BACKGROUND: Many herbs are used to lower blood cholesterol levels; however, the quality of the clinical trials with herbs has been variable. The authors of this paper conducted a systematic review of all of the clinical studies that studied the use of herbs for lowering cholesterol, evaluating the benefits, side effects, and quality of the studies.
RESEARCH: The researchers identified 25 controlled clinical trials involving 11 herbal medicines. The largest body of published studies focused on guggul, fenugreek, red yeast rice, and artichoke. Overall, the studies indicated that the use of these herbs (individually) reduces blood cholesterol levels from 10 to 33 percent. There are other herbs with limited support including Panax ginseng, yarrow, holy basil, and milk thistle.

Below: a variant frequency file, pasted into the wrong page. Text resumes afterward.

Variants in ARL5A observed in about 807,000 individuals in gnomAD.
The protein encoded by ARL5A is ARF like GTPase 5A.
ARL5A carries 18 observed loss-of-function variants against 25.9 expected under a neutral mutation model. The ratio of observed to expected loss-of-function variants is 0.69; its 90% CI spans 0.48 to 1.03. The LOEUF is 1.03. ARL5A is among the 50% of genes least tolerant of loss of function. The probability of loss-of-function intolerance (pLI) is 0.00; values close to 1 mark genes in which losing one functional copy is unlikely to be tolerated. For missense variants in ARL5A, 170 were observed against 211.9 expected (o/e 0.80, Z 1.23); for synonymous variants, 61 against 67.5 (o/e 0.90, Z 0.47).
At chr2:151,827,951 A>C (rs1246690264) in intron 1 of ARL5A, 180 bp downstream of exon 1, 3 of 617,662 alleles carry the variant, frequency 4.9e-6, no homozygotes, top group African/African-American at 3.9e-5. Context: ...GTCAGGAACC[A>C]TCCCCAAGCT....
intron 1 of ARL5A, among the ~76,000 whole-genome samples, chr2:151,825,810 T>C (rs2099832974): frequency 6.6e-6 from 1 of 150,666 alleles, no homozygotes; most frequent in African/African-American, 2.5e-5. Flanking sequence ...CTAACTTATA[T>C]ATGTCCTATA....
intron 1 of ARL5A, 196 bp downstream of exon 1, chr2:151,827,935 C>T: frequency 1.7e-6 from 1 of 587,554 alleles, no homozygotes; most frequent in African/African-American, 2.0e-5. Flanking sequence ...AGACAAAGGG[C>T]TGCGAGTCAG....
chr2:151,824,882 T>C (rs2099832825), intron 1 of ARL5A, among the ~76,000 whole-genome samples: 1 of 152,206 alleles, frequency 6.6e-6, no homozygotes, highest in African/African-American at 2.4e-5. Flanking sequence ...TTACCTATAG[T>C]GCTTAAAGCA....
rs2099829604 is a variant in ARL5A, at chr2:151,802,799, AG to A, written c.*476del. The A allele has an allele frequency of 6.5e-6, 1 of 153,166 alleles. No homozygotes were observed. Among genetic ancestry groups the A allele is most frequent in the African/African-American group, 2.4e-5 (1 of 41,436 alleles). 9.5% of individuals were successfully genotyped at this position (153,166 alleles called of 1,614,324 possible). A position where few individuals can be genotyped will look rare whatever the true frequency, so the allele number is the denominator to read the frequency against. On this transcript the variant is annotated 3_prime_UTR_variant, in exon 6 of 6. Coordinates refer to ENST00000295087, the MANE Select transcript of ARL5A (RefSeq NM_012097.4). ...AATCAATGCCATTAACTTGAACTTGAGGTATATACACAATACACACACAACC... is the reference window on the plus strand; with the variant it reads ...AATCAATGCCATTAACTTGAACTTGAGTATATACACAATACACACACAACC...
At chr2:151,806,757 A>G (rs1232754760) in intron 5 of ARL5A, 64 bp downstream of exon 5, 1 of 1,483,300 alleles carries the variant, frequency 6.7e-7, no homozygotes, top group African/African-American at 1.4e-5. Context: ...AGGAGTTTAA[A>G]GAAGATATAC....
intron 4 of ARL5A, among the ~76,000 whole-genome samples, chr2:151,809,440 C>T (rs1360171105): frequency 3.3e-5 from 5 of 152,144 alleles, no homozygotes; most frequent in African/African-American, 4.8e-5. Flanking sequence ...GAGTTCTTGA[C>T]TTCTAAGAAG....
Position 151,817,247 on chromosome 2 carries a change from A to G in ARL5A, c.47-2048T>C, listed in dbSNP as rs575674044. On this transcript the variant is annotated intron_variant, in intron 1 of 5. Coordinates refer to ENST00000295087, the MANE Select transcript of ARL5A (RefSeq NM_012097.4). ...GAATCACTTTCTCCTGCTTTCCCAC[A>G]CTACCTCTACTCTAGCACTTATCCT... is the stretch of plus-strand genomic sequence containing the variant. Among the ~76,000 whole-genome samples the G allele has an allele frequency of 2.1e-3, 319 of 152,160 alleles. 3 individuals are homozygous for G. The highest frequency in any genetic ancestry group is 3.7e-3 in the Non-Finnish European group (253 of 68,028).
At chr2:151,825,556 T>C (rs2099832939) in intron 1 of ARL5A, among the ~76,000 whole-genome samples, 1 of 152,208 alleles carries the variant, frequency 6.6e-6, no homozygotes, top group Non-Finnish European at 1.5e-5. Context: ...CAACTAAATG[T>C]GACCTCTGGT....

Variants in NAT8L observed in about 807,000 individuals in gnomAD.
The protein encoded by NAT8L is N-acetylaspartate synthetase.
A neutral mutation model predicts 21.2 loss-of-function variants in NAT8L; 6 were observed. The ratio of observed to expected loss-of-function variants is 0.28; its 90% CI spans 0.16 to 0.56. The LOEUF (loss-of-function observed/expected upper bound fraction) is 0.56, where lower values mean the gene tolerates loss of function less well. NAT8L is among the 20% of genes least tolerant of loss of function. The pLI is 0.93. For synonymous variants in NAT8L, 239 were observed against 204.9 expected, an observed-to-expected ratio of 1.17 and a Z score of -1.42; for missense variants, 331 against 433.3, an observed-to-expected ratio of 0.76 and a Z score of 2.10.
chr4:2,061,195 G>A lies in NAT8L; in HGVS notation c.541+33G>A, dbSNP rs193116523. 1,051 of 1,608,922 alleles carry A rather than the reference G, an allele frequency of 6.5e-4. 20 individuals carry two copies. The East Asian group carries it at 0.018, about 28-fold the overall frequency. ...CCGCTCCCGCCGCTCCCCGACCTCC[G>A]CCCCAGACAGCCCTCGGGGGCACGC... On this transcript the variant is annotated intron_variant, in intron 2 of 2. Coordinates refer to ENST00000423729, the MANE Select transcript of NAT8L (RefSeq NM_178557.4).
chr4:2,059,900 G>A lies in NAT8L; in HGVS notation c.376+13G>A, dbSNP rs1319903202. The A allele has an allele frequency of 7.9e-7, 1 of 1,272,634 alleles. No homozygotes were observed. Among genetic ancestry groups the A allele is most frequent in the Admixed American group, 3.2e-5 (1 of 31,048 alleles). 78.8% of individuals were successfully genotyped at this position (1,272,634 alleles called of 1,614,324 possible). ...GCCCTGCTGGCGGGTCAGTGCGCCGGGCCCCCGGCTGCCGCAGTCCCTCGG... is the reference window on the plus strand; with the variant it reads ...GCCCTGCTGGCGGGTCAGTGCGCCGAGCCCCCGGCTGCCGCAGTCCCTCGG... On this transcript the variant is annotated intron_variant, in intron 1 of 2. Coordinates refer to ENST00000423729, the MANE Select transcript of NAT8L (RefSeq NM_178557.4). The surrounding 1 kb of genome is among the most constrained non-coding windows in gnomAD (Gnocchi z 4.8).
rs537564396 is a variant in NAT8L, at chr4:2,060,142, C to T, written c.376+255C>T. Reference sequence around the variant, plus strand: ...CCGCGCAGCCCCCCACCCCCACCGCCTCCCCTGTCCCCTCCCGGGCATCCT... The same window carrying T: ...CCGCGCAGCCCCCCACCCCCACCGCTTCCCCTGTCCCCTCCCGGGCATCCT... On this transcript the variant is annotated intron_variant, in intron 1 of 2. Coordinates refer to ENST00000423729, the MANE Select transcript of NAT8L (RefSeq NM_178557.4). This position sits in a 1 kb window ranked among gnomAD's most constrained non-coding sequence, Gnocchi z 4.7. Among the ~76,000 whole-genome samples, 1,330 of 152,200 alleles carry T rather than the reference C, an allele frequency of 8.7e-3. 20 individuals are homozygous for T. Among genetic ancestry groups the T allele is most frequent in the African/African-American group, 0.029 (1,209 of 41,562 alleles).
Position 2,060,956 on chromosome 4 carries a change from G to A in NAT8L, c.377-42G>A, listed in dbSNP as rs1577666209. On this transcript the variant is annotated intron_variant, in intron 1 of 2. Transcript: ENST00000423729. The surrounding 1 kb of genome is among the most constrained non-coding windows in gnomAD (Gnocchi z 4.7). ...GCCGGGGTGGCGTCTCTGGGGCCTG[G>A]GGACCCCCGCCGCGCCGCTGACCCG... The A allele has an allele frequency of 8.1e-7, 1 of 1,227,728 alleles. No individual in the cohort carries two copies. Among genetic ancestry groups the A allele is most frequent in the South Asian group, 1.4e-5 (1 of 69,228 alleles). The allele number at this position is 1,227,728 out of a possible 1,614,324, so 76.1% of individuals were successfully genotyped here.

RESULTS: Although the scientific quality of these studies was variable, the authors noted that patients had few adverse reactions or drug interactions while taking the herbs. "Many are used extensively in traditional medicine and culinary practices around the world, which supports their relative safety," the researchers noted.
IMPLICATIONS: The researchers wrote, "The evidence is not conclusive for any of the products, although preliminary clinical trials seem promising; further research is warranted."
Thompson-Coon JS, Ernst E., "Herbs for serum cholesterol reduction: a systematic review," Journal of Family Practice, 2003;52:468-478.
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